The Space X Dragon capsule is a potential Mars lander that can land a significant payload on that planet. We studied a mission concept exploiting this new capability. The mission used a Dragon lander to conduct Mars deep-drilling investigations. The study goals were: 1. Define science, landing sites, and the best drill design; 2. Develop an implementation plan for a drill payload in the Dragon capsule; 3. Develop a step-by-step operations scenario for drilling on Mars for the Dragon Drill payload.
Drilling on Mars remains a top priority for NASA for two main reasons: (1) The search for life on Mars will require access to the subsurface; and (2) Key resources for human exploration, such as water-ice at mid latitudes, are only accessible in the deep subsurface. Gaining access to the deep subsurface ( > 10 m) would be a game-changing achievement, and would propel the robotic and human exploration of Mars to new levels, allowing the search for extant life and habitable environments, the study of past climate, and mapping of ice resources. However, deep-drilling on Mars requires the development of new and revolutionary concepts and technologies that drastically reduce complexity and cost. A free-flying, deep-drilling platform capable of delivering a heavy engineering and science payload could be the answer. Based on the significant science and development work done at ARC in drill design for Mars, we studied implementing a deep drill in the Space X Dragon capsule. Dragon has a capability of deliver significant payloads (more than 1000 kilograms) to Mars. We defined the science objective for a Dragon Drill mission and identified landing sites on Mars. Based on this, defined the drill and sampling systems by considering: (1) the drilling mechanism based on five proven NASA Ames deep-drill designs, (2) power supply, (3) mechanism to clear cuttings, (4) supporting science payload, (5) supporting engineering payload. We also developed an implementation and configuration plan for placing the drill payload in the Dragon capsule. Results were reported in C.R. Stoker et al. ICE DRAGON: A MISSION TO ADDRESS SCIENCE AND HUMAN EXPLORATION OBJECTIVES ON MARS. Abstract 4176 Concepts and Approaches for Mars Exploration, Houston TX, June 12-14, 2012.More »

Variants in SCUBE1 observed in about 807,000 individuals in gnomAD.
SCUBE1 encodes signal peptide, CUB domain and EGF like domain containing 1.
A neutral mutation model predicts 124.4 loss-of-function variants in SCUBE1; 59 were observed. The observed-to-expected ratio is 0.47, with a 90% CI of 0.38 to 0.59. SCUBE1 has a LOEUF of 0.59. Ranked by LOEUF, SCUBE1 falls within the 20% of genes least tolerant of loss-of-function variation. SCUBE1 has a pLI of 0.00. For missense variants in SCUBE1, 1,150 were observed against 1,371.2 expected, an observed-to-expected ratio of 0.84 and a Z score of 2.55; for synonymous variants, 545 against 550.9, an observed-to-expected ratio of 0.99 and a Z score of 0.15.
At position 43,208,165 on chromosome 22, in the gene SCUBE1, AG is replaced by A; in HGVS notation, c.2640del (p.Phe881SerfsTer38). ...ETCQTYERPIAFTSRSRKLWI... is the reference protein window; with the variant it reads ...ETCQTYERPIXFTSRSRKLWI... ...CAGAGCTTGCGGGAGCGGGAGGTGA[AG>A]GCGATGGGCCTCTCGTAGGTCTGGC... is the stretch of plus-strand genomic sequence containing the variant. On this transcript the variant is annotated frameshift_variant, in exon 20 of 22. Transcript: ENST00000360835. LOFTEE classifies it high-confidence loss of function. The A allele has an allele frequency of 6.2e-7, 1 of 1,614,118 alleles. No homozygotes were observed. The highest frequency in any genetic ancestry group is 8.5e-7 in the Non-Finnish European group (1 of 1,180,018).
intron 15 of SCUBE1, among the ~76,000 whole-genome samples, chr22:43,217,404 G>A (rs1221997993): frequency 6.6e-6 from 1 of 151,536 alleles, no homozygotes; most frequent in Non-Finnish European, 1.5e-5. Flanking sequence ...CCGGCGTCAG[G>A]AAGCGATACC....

|Organizations Performing Work||Role||Type||Location|
|Ames Research Center (ARC)||Lead Organization||NASA Center||Mountain View, CA|
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